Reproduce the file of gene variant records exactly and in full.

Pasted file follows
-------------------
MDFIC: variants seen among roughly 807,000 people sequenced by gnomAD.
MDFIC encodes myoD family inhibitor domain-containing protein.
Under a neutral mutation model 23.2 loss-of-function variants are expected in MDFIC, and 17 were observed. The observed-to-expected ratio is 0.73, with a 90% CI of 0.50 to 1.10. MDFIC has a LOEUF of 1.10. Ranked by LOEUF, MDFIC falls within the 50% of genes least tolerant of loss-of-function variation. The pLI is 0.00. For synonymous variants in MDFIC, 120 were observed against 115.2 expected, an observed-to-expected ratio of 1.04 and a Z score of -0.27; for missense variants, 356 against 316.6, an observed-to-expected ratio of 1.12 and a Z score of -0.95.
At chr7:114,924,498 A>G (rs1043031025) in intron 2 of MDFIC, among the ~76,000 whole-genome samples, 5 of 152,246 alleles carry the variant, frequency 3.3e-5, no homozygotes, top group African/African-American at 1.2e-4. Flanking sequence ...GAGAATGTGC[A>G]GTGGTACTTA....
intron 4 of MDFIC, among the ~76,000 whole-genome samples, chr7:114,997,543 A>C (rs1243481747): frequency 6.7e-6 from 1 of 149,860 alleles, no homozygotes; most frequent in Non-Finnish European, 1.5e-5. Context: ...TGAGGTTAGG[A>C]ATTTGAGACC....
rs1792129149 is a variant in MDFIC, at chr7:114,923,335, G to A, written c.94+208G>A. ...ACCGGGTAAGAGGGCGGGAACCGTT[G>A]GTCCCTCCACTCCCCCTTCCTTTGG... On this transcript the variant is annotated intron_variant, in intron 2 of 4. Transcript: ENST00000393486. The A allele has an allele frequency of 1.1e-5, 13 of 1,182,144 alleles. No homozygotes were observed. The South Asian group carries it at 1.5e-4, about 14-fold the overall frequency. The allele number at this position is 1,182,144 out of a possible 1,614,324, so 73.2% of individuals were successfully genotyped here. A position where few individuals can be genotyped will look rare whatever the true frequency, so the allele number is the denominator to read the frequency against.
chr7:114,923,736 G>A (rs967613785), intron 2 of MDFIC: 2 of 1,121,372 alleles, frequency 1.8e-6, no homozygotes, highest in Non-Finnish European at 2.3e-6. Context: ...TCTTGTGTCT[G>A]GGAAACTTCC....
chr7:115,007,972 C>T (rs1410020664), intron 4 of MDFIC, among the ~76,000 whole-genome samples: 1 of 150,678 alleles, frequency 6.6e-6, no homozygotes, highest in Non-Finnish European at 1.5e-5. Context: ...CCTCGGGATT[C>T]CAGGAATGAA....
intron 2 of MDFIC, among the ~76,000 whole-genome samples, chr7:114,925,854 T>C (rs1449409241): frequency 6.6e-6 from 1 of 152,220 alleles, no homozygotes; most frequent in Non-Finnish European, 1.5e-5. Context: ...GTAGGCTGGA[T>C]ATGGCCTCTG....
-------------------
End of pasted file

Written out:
MDFIC: variants seen among roughly 807,000 people sequenced by gnomAD.
MDFIC encodes myoD family inhibitor domain-containing protein.
Under a neutral mutation model 23.2 loss-of-function variants are expected in MDFIC, and 17 were observed. The observed-to-expected ratio is 0.73, with a 90% CI of 0.50 to 1.10. MDFIC has a LOEUF of 1.10. Ranked by LOEUF, MDFIC falls within the 50% of genes least tolerant of loss-of-function variation. The pLI is 0.00. For synonymous variants in MDFIC, 120 were observed against 115.2 expected, an observed-to-expected ratio of 1.04 and a Z score of -0.27; for missense variants, 356 against 316.6, an observed-to-expected ratio of 1.12 and a Z score of -0.95.
At chr7:114,924,498 A>G (rs1043031025) in intron 2 of MDFIC, among the ~76,000 whole-genome samples, 5 of 152,246 alleles carry the variant, frequency 3.3e-5, no homozygotes, top group African/African-American at 1.2e-4. Flanking sequence ...GAGAATGTGC[A>G]GTGGTACTTA....
intron 4 of MDFIC, among the ~76,000 whole-genome samples, chr7:114,997,543 A>C (rs1243481747): frequency 6.7e-6 from 1 of 149,860 alleles, no homozygotes; most frequent in Non-Finnish European, 1.5e-5. Context: ...TGAGGTTAGG[A>C]ATTTGAGACC....
rs1792129149 is a variant in MDFIC, at chr7:114,923,335, G to A, written c.94+208G>A. ...ACCGGGTAAGAGGGCGGGAACCGTT[G>A]GTCCCTCCACTCCCCCTTCCTTTGG... On this transcript the variant is annotated intron_variant, in intron 2 of 4. Transcript: ENST00000393486. The A allele has an allele frequency of 1.1e-5, 13 of 1,182,144 alleles. No homozygotes were observed. The South Asian group carries it at 1.5e-4, about 14-fold the overall frequency. The allele number at this position is 1,182,144 out of a possible 1,614,324, so 73.2% of individuals were successfully genotyped here. A position where few individuals can be genotyped will look rare whatever the true frequency, so the allele number is the denominator to read the frequency against.
chr7:114,923,736 G>A (rs967613785), intron 2 of MDFIC: 2 of 1,121,372 alleles, frequency 1.8e-6, no homozygotes, highest in Non-Finnish European at 2.3e-6. Context: ...TCTTGTGTCT[G>A]GGAAACTTCC....
chr7:115,007,972 C>T (rs1410020664), intron 4 of MDFIC, among the ~76,000 whole-genome samples: 1 of 150,678 alleles, frequency 6.6e-6, no homozygotes, highest in Non-Finnish European at 1.5e-5. Context: ...CCTCGGGATT[C>T]CAGGAATGAA....
intron 2 of MDFIC, among the ~76,000 whole-genome samples, chr7:114,925,854 T>C (rs1449409241): frequency 6.6e-6 from 1 of 152,220 alleles, no homozygotes; most frequent in Non-Finnish European, 1.5e-5. Context: ...GTAGGCTGGA[T>C]ATGGCCTCTG....